But that’s not what’s best about this book. What’s best about it are the sordid, messy lives of the characters. Even superpowers don’t seem to put them on equal footing with the rest of the world and watching the emotionally  raw and often inept struggle  with very human problems while they have superpowers is what really makes this book. It’s not a light read, but it is extremely rewarding.

A Farewell to Arms by Ernest Hemingway – I don’t think it’s even been a year since I read this book for the first time, but whenever I think about it, my opinion of it grows. Heartbreaking is an overused word, but it suits this book perfectly. Watching someone struggle to get out of a war for reason that are nothing but understandable. Watching that same person fall in love and have to deal with the complications that adds to an already complex situation. And then there’s the war itself.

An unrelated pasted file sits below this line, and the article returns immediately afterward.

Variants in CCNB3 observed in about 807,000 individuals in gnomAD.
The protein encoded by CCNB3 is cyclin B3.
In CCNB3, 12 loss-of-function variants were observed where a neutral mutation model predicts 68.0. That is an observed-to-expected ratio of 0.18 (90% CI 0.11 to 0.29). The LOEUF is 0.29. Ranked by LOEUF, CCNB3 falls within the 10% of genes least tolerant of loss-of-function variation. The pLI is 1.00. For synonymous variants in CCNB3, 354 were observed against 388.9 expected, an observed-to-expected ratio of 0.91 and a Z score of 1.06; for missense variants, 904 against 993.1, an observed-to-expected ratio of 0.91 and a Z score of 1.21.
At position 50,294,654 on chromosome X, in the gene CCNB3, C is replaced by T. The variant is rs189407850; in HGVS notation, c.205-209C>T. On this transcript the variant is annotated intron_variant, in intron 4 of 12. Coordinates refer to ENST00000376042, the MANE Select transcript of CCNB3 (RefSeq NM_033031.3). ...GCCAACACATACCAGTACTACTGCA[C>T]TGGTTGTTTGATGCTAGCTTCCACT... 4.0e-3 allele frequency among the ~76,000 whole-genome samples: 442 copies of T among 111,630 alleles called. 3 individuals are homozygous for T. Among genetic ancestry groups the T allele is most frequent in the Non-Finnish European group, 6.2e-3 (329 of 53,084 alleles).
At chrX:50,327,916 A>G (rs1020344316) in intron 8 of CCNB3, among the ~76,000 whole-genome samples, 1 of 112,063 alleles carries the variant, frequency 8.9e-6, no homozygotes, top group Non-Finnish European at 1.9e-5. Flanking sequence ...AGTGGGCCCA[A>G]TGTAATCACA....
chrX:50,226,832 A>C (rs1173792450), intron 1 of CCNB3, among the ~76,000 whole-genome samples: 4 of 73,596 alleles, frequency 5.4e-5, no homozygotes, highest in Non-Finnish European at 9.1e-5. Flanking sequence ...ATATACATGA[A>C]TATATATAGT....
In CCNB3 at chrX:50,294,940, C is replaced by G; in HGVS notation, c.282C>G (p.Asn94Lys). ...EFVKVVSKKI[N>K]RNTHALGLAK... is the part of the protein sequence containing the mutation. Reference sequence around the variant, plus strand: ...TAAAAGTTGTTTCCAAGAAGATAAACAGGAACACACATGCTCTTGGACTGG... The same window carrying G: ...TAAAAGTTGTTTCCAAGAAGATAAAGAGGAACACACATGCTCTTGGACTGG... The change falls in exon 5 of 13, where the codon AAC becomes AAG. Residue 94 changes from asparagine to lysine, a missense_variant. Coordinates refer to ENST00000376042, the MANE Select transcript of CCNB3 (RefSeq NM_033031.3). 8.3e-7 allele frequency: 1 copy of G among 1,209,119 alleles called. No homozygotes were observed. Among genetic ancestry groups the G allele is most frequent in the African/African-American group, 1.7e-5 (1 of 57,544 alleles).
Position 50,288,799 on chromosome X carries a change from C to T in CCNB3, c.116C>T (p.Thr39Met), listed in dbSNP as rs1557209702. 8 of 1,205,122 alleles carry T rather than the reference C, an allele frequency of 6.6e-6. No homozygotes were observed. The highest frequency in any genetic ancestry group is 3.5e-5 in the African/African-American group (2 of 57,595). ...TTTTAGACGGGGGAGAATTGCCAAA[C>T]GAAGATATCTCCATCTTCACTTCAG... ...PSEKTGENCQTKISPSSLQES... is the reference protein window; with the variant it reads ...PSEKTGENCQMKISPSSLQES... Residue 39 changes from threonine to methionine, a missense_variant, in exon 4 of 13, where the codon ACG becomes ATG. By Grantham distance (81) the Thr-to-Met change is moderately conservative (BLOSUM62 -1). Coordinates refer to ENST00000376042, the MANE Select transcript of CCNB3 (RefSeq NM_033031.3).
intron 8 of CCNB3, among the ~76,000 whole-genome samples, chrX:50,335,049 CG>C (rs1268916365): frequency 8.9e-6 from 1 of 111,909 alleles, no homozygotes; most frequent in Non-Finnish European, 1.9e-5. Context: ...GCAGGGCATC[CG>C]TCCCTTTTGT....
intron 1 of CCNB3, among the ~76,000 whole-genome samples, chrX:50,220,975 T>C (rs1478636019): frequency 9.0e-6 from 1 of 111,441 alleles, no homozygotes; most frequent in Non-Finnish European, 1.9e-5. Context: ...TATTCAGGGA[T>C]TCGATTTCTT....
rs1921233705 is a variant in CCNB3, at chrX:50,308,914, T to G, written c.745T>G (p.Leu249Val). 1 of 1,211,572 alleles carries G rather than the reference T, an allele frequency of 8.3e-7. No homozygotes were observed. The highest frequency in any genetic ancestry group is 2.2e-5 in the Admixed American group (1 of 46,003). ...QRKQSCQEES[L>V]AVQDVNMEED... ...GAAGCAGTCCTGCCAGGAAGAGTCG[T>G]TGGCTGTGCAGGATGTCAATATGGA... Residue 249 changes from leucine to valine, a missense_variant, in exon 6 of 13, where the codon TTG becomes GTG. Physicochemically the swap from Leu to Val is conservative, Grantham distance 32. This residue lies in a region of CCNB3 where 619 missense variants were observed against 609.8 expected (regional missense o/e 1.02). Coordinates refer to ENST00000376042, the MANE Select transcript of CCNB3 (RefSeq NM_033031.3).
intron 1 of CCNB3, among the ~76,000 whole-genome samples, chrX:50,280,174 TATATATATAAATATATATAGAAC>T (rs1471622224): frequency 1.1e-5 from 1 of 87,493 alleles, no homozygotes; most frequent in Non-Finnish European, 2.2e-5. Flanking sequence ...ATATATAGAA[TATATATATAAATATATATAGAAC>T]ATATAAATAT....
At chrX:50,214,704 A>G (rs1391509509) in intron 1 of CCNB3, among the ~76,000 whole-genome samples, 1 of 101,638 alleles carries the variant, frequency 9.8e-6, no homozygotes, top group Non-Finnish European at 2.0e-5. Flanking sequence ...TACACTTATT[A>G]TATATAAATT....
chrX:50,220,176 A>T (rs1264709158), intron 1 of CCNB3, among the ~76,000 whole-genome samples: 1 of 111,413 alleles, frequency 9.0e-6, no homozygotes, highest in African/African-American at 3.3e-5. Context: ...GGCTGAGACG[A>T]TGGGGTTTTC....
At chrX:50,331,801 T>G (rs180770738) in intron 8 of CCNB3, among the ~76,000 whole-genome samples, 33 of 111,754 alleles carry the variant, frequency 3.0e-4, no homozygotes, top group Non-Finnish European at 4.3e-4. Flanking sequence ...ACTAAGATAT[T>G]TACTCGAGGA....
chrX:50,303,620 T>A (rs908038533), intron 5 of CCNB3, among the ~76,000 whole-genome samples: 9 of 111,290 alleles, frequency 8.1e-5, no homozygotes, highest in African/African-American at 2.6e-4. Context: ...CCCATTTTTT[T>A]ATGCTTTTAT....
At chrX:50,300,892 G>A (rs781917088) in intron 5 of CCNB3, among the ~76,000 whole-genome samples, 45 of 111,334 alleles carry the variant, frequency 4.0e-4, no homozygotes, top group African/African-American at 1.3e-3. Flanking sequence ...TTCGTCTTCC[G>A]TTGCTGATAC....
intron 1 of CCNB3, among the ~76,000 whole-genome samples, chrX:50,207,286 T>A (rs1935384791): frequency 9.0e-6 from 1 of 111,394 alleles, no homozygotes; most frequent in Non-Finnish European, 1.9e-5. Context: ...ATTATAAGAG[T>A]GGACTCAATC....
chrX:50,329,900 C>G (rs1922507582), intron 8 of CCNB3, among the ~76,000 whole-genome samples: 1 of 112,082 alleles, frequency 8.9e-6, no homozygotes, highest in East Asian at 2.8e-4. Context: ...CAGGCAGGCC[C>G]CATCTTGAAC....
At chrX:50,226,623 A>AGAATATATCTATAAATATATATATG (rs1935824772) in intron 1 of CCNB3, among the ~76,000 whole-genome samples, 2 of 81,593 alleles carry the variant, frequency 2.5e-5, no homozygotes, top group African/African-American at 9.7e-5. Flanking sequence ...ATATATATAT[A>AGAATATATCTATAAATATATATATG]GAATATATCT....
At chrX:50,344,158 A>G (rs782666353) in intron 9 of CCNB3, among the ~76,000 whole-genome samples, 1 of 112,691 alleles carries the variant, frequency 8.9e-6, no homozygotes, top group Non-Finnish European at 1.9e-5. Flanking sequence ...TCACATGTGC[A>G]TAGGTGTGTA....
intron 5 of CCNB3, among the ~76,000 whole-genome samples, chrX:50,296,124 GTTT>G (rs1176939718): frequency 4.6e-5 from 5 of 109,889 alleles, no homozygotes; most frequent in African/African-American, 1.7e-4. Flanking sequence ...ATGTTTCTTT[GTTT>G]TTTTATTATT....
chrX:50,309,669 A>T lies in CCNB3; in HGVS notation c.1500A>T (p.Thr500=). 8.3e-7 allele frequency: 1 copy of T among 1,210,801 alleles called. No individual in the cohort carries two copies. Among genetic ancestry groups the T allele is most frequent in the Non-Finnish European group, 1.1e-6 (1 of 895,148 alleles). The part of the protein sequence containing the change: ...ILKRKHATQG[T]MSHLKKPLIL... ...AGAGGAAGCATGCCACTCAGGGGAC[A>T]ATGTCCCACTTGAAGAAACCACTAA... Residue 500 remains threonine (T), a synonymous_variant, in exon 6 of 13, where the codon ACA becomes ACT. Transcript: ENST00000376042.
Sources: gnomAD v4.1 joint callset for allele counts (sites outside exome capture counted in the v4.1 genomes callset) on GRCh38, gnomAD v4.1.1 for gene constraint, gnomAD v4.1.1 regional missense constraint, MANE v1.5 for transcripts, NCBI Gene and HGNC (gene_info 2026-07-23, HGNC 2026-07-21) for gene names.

In many ways, this book is the antithesis of the hyper-macho Hemingway caricature. It reminds us that time often paints people into overly-narrow corners.

September Book Log

October 1, 2011

Good reading this month. I’m sorta kinda trying to get to 75 books for the year. I need to read 22 more books to get there. That’s going to be a stretch.